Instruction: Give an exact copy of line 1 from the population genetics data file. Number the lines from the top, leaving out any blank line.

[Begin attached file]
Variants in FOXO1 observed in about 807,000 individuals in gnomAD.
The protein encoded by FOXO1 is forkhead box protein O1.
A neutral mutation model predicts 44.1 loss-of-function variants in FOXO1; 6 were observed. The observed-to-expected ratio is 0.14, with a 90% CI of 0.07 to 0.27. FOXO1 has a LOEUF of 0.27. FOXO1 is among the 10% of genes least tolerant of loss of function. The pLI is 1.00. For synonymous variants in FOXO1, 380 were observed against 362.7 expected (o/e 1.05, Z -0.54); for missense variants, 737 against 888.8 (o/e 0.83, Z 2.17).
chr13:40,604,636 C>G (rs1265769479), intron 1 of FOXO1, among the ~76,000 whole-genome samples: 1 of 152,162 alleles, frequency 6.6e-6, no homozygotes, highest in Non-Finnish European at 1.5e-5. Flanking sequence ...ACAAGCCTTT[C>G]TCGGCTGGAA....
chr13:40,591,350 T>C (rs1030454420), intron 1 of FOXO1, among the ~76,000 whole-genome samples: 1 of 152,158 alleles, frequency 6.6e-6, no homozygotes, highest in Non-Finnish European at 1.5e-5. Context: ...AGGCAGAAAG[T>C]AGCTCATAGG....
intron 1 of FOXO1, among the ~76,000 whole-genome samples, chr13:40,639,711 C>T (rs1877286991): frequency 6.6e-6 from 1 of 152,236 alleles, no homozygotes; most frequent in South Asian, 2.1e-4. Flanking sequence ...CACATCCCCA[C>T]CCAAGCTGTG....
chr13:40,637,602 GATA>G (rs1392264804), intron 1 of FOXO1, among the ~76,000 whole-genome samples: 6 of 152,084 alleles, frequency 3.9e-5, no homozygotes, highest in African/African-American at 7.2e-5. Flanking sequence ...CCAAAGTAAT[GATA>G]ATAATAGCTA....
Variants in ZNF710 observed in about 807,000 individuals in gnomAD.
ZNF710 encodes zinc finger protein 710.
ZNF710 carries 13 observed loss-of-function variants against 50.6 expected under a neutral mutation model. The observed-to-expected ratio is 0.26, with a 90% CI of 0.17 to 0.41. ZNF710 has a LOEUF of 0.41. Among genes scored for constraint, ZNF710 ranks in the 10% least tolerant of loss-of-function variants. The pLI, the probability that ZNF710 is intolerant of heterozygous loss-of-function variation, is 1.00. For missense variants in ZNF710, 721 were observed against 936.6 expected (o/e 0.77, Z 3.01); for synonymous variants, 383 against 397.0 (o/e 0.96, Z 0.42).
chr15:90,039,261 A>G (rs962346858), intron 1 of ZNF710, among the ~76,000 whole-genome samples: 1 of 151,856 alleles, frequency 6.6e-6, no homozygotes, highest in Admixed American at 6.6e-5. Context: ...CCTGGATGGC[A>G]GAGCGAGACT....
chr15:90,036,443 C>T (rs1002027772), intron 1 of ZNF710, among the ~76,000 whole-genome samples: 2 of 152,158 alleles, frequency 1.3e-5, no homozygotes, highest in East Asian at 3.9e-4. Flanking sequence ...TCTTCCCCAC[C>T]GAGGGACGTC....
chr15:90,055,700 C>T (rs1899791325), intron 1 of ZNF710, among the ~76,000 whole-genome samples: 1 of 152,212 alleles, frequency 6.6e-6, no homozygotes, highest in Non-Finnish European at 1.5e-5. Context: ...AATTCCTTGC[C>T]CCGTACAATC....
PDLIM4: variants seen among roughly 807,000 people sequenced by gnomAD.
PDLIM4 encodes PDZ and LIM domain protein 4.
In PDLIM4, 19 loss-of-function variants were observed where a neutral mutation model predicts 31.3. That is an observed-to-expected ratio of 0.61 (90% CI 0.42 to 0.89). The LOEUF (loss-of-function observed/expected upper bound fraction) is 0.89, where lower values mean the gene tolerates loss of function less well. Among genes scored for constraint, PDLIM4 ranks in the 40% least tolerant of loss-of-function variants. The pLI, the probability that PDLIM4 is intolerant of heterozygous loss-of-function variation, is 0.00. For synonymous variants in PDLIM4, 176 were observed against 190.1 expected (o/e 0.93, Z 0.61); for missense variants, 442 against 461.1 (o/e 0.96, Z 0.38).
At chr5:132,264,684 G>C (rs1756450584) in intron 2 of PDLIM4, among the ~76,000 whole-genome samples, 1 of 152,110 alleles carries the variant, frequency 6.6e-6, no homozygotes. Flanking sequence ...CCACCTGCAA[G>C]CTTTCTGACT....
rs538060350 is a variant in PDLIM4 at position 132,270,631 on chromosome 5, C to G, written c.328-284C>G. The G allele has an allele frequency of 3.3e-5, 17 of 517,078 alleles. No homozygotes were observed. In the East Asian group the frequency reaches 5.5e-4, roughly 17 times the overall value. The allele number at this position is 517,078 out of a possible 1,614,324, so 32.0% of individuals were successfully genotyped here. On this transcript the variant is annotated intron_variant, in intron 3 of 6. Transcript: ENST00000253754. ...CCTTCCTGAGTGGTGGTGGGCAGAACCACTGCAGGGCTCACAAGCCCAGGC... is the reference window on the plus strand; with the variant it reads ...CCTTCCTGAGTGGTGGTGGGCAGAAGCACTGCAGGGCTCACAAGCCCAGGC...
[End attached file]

Variants in FOXO1 observed in about 807,000 individuals in gnomAD.